NJ Supreme Court overturns mother’s conviction in murdering son 25 years ago


The New Jersey Supreme Court on Tuesday overturned the 2016 conviction of a Florida woman for killing her 5-year-old son 25 years earlier, ruling that despite the jury’s verdict, prosecutors had not presented enough evidence to prove that she had deliberately caused the boy’s death. .

It was a startling turnaround in one of New Jersey’s most infamous cases, which had not been resolved in years, even though Michelle Lodzinski was considered a prime suspect from the start after giving various accounts of this. that had happened the day Timothy Wiltsey was last seen.

It also means Lodzinski cannot be tried again, which would violate a ban on so-called “double jeopardy” or being tried twice for the same case, his lawyer Gerald Krovatin said.

“This is a great day for the rule of law and for the proposition that convictions should be based on evidence, not speculation or emotion,” he said. “Michelle is extremely grateful to everyone who supported her through this long ordeal.”

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Appeals Judge Jose Fuentes – called to the Supreme Court to serve as the deciding vote after judges split 3-3 while upholding Lodzinski’s conviction in May – cast the decisive vote in favor of acquittal on Tuesday .

“After considering all of the evidence and giving the State the benefit of all its favorable testimony and all favorable inferences drawn from that testimony, no reasonable jury could conclude beyond a reasonable doubt that Lodzinski had deliberately or knowingly caused Timothy’s death, ”the court wrote in its majority decision.

The prosecutor’s office that tried her declined to comment.

Lodzinski was a single mother in central New Jersey in May 1991 when she told investigators Wiltsey was missing while they were at a carnival in Sayreville. She then gave conflicting accounts describing strangers she had seen who may have kidnapped the boy. Wiltsey’s body was found almost a year later, in a swampy area near an office complex where Lodzinski had previously worked.

Over time and no charges were filed, Lodzinski moved on with his life and had two more children. She was living in Port St. Lucie, Florida in 2014 when authorities in New Jersey accused her of killing Wiltsey. Investigators said a breakdown in the case came when former Wiltsey babysitters identified a blue blanket, found with the boy’s body, as belonging to Lodzinski.

During her trial in 2016 and on appeal, Lodzinski’s lawyers argued that no forensic evidence linked her to the coverage and that prosecutors did not produce enough evidence to show Lodzinski had intentionally caused the death of the boy. The cause of death could not be determined as Wiltsey’s body had deteriorated between the time he died and the time the body was found.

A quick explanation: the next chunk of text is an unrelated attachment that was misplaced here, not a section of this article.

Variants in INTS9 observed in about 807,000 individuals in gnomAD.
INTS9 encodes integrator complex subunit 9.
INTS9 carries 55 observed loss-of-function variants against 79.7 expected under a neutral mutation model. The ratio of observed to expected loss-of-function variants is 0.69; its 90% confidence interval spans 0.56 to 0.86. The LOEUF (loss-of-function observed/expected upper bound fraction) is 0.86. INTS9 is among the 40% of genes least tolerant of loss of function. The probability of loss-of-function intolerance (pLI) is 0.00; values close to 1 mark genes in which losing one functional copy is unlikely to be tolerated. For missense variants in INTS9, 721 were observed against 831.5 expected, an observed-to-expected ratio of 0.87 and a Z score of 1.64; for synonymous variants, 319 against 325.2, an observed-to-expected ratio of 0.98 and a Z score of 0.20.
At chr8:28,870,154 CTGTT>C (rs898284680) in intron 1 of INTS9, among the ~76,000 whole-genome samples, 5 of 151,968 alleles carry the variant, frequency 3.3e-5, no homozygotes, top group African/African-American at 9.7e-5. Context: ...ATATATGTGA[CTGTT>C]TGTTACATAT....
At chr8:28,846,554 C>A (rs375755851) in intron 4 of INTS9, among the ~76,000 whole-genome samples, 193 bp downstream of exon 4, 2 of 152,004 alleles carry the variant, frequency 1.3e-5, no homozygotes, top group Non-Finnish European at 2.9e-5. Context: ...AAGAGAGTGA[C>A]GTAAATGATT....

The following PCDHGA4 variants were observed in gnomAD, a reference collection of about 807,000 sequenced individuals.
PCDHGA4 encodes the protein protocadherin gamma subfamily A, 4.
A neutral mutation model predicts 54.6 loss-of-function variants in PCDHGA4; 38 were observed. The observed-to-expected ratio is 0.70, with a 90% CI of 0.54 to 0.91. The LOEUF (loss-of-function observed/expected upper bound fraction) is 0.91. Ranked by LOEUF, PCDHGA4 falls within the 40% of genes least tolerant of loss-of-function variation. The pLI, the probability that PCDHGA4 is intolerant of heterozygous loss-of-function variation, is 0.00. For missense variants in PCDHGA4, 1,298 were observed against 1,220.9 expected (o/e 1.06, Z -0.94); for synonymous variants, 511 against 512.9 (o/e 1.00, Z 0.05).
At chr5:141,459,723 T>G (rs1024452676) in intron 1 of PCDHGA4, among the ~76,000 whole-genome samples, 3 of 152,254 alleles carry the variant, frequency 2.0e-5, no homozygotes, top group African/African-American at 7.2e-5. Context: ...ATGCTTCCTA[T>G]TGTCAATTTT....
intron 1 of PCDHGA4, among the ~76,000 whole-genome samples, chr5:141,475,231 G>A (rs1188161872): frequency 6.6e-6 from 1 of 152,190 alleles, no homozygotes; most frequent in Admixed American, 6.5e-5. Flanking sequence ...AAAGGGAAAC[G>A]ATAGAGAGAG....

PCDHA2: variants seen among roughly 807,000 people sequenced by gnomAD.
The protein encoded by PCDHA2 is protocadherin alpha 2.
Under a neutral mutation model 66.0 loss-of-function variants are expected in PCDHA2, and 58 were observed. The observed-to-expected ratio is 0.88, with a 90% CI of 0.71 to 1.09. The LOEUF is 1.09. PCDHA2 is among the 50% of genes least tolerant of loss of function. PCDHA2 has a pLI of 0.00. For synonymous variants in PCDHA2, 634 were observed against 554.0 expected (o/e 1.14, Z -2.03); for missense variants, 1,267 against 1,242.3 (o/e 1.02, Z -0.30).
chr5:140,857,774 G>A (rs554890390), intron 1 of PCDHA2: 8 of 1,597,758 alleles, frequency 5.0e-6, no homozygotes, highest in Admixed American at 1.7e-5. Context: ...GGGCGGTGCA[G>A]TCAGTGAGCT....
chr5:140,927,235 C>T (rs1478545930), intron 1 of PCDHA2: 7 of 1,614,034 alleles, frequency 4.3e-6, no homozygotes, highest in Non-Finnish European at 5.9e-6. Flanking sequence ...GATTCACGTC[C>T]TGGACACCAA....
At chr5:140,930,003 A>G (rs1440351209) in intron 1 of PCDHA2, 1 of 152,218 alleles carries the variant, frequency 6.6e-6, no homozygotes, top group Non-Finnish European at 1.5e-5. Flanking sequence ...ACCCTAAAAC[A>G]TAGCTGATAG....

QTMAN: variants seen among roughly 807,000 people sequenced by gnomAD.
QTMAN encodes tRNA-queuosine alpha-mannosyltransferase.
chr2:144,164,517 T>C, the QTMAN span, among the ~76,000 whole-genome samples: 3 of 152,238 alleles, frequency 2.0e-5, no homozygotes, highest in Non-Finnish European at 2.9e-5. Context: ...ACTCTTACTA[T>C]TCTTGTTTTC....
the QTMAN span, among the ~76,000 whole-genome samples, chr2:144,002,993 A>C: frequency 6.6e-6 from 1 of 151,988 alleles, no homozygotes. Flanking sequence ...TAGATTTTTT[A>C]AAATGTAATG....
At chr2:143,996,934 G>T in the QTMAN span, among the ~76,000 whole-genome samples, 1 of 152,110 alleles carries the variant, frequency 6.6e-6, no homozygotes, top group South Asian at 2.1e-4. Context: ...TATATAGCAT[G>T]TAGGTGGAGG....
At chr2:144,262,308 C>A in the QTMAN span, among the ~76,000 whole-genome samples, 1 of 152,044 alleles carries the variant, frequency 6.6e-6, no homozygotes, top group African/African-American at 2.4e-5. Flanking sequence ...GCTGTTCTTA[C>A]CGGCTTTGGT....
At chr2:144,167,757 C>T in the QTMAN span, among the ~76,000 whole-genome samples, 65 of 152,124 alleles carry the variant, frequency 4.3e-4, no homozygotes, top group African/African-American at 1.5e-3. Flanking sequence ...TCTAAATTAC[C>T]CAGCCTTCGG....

“If you can’t find the cause of death, I think you don’t have homicide by definition,” Krovatin told the court during oral argument in October.

FILE – In this file photo from June 2, 2015, Michelle Lodzinski appears in court for a status conference in New Brunswick, the Supreme Court of NJ New Jersey said on Friday February 21, 2020 that she would hear the ‘Lodzinski appeal for the 1991 murder of his five-year

Prosecutors, who had described Lodzinski at trial as a troubled young mother who felt overwhelmed by the boy, argued on appeal that the totality of the evidence, including his evasive answers during the initial questioning, was sufficient to prove guilt beyond a reasonable doubt. An appeals court gave its consent in 2019 when it upheld Lodzinski’s conviction.

The plot escalated after a deeply divided state Supreme Court ruling in May upheld the appeals court’s ruling. With Chief Justice Stuart Rabner not attending, the court split 3-3, but that was enough not to disrupt the conviction.

Writing at the time for the three dissenters, Judge Barry Albin wrote: “In the modern annals of New Jersey legal history, to my knowledge, no murder conviction has ever been upheld on such a shortage of evidence. “

In a dissenting opinion as part of Tuesday’s ruling, the three judges who voted in favor of the conviction said: “In our opinion, the majority is doing the opposite of what our law requires. “

In October, the state’s Supreme Court took the rare step of agreeing to rehear the case, conceding that it had committed a procedural error in ruling on an appeals court decision that applied a standard incorrect legal. For the new hearing, the court added an appeal judge to serve as a deciding vote.

“Even though the evidence suggested that Timothy did not die by accident, no testimony or evidence has been offered to distinguish whether Timothy died by the negligent, reckless or intentional or conscious acts of a person, even if that person was Lodzinski, ”the majority said. decision read.

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